whether a term should be matched. (OR Sometimes
    you need to look at terms A, B, C, and D to see
    if term X matches your search)
  • The available aspects are
  • Self X is included in the search results if X
    satisfies the search criteria
  • Ancestor X is included in the search results if
    any ancestor of X satisfies the search criteria
  • Descendant X is included in the search results
    if any descendant of X satisfies the search
    criteria

11
Search Example The Aspect Field
  • Term search Find all children of development

12
Searching Compound Searches
  • It is possible to create complex search criteria
    by combining simpler searches with boolean
    operators
  • OBO-Edit's interface defines a complex search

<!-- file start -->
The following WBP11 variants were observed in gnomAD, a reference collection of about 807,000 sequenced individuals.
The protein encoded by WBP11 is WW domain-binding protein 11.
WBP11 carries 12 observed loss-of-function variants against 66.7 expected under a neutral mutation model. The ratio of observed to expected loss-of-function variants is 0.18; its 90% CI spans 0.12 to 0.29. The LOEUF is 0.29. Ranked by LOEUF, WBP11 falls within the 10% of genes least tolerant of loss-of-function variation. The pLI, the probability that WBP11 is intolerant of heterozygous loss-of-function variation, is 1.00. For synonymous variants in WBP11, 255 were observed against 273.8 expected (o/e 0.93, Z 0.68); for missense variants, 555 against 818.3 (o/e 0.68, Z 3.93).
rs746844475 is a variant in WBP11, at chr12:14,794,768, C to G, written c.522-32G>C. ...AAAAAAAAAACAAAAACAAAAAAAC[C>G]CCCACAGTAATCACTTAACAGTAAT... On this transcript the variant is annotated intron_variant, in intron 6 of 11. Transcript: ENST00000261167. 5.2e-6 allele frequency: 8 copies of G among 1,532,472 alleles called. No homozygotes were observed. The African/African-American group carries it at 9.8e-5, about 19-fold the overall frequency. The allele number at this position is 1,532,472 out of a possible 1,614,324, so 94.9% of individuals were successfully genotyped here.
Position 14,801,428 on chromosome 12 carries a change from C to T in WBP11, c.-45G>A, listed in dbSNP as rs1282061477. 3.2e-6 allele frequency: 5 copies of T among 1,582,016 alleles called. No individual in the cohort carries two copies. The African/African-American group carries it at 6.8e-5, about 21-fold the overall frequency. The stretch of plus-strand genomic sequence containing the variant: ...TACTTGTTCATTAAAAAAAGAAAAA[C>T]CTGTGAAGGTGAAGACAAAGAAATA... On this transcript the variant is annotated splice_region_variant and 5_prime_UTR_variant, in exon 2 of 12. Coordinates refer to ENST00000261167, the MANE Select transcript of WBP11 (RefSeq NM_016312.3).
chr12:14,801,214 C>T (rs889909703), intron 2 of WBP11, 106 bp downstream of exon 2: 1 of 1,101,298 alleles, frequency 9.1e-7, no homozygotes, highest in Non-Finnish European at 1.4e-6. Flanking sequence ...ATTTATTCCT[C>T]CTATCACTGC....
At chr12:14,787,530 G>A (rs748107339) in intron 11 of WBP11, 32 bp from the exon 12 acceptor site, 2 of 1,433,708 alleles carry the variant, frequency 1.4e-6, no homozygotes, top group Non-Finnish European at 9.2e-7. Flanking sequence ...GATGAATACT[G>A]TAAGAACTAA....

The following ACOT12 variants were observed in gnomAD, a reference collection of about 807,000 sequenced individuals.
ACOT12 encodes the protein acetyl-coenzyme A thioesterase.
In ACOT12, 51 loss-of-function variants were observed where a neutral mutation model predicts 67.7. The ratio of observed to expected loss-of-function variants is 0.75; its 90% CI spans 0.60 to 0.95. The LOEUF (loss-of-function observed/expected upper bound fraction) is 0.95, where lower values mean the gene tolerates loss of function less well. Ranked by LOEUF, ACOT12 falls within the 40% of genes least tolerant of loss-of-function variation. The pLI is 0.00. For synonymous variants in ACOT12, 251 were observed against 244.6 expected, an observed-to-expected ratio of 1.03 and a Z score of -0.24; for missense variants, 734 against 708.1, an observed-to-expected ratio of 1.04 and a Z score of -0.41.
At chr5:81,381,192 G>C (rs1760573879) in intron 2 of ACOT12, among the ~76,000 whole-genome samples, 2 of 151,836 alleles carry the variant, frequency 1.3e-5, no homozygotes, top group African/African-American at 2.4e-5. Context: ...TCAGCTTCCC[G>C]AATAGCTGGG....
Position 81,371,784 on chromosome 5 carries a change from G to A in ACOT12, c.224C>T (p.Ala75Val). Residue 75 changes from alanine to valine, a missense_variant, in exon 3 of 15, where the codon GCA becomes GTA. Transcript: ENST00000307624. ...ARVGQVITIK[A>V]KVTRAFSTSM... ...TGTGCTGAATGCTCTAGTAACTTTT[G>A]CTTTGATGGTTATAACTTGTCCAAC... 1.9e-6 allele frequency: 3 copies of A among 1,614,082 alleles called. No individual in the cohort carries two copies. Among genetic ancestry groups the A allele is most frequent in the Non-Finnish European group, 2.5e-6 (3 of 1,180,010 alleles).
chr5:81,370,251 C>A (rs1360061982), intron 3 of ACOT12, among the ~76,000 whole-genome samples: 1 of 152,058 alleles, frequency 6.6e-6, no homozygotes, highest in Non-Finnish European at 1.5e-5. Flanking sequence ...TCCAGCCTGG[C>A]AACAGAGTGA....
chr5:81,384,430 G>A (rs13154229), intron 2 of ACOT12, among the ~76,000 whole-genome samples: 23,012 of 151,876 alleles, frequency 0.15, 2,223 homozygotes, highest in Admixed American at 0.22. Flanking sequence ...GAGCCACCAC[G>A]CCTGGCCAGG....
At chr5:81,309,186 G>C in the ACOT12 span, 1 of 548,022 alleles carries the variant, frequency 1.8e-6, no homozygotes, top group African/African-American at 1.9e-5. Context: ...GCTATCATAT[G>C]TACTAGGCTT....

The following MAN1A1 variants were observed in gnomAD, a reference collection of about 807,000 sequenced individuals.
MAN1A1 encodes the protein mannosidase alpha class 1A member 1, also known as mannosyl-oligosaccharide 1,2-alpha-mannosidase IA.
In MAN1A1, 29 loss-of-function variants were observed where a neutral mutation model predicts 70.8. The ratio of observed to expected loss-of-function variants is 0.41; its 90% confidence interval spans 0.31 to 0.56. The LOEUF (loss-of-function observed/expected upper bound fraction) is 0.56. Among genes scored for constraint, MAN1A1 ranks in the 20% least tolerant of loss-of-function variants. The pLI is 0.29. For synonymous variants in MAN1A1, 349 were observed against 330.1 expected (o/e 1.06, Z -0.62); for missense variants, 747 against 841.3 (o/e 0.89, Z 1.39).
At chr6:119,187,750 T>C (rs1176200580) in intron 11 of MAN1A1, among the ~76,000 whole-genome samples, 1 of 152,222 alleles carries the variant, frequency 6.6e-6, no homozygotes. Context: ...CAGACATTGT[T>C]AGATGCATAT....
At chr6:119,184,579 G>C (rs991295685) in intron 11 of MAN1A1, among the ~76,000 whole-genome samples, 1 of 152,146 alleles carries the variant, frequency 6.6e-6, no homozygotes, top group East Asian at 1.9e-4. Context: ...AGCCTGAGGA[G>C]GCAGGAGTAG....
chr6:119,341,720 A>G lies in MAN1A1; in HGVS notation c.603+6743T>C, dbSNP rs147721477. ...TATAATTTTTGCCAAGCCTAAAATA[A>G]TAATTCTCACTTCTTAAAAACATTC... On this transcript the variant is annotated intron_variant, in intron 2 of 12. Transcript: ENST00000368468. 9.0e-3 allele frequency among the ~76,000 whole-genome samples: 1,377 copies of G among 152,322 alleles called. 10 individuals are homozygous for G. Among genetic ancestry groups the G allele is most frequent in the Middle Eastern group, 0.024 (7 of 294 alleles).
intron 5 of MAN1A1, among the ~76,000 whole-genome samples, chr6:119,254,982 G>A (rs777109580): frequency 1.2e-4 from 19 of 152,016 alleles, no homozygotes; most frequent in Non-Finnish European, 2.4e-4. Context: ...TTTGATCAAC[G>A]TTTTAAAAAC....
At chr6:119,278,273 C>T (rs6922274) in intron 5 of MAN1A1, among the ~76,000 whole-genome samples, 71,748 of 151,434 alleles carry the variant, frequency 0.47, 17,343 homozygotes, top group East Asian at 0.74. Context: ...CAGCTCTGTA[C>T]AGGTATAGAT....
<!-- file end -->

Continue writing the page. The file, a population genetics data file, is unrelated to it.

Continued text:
using prefix notation (sometimes called reverse
    polish notation) rather than the more common
    infix notation. The infix statement a AND (b OR
    C) would be written AND a (OR b c) in prefix
    notation.

13
Searching Compound Searches
  • Keyword search kinase AND cell
  • Term search Term name contains the words
    kinase OR activity
  • Term search Term name contains the word kinase
    AND contains the words activity OR complex

14
Searching Link search
  • Term searches find terms (duh). Link searches
    find relationships between terms.
  • Links searches can be defined in terms of a
    link's child, a link's parent, a link's type, or
    properties of the link itself.

15
Search Example Link search
  • Link search Find all part_of links
  • Link search Find all links with type part_of
    that occur in the molecular function branch of
    the GO

16
Saving/Loading Searches
  • Searches can be saved to disk as an XML file, and
    loaded later.
  • This can be really useful for frequently used or
    complex searches. Share your favorite search with
    your spouse or rabbi!
  • Saved searches can be used by the obo2obo command
    line tool to do quick, file-based ontology
    filtering.

17
Rendering
  • Rendering allows you to specify a special visual